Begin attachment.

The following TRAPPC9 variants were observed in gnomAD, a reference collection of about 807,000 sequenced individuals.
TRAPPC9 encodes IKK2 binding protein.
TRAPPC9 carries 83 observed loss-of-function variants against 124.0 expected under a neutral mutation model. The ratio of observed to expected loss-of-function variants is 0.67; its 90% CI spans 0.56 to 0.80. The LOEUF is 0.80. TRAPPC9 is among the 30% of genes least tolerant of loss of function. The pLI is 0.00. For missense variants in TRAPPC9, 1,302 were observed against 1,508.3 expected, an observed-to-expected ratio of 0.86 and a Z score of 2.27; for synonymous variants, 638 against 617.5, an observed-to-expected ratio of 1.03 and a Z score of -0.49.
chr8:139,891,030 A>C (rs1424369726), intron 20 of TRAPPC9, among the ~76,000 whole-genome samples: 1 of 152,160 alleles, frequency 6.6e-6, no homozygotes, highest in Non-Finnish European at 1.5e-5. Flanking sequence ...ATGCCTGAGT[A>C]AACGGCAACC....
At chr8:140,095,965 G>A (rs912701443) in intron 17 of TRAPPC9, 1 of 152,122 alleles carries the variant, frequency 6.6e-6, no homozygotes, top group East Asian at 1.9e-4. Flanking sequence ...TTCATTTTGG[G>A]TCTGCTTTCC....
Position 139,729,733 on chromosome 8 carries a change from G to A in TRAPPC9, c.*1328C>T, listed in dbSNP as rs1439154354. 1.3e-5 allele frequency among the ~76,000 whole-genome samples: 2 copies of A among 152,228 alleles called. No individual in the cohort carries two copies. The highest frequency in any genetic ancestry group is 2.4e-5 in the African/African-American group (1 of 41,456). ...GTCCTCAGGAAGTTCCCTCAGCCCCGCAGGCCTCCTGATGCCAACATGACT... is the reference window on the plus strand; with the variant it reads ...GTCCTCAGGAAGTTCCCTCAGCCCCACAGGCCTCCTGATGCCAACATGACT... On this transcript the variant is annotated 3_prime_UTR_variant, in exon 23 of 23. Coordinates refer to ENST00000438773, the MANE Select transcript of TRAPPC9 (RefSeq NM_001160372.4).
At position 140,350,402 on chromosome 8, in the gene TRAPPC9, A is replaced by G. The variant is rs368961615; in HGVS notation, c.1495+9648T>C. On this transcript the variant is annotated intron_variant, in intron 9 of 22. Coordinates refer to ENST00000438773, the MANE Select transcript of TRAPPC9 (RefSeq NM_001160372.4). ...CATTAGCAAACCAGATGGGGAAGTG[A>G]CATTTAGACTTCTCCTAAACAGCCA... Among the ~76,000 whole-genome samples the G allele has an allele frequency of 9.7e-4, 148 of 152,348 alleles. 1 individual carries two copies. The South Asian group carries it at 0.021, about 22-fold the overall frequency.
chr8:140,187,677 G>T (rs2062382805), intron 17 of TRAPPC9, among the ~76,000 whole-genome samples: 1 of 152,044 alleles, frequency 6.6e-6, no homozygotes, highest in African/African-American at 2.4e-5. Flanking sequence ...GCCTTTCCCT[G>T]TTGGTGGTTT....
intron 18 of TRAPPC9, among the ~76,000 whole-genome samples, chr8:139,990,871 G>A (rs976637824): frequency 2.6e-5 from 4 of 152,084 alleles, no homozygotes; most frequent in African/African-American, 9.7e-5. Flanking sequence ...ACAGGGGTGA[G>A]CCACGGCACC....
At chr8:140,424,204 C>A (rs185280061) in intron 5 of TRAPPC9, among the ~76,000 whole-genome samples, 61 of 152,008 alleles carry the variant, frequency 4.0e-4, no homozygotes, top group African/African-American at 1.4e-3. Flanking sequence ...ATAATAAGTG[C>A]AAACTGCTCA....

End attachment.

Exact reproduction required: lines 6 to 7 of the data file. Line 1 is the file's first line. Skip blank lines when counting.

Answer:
Position 139,729,733 on chromosome 8 carries a change from G to A in TRAPPC9, c.*1328C>T, listed in dbSNP as rs1439154354. 1.3e-5 allele frequency among the ~76,000 whole-genome samples: 2 copies of A among 152,228 alleles called. No individual in the cohort carries two copies. The highest frequency in any genetic ancestry group is 2.4e-5 in the African/African-American group (1 of 41,456). ...GTCCTCAGGAAGTTCCCTCAGCCCCGCAGGCCTCCTGATGCCAACATGACT... is the reference window on the plus strand; with the variant it reads ...GTCCTCAGGAAGTTCCCTCAGCCCCACAGGCCTCCTGATGCCAACATGACT... On this transcript the variant is annotated 3_prime_UTR_variant, in exon 23 of 23. Coordinates refer to ENST00000438773, the MANE Select transcript of TRAPPC9 (RefSeq NM_001160372.4).
At position 140,350,402 on chromosome 8, in the gene TRAPPC9, A is replaced by G. The variant is rs368961615; in HGVS notation, c.1495+9648T>C. On this transcript the variant is annotated intron_variant, in intron 9 of 22. Coordinates refer to ENST00000438773, the MANE Select transcript of TRAPPC9 (RefSeq NM_001160372.4). ...CATTAGCAAACCAGATGGGGAAGTG[A>G]CATTTAGACTTCTCCTAAACAGCCA... Among the ~76,000 whole-genome samples the G allele has an allele frequency of 9.7e-4, 148 of 152,348 alleles. 1 individual carries two copies. The South Asian group carries it at 0.021, about 22-fold the overall frequency.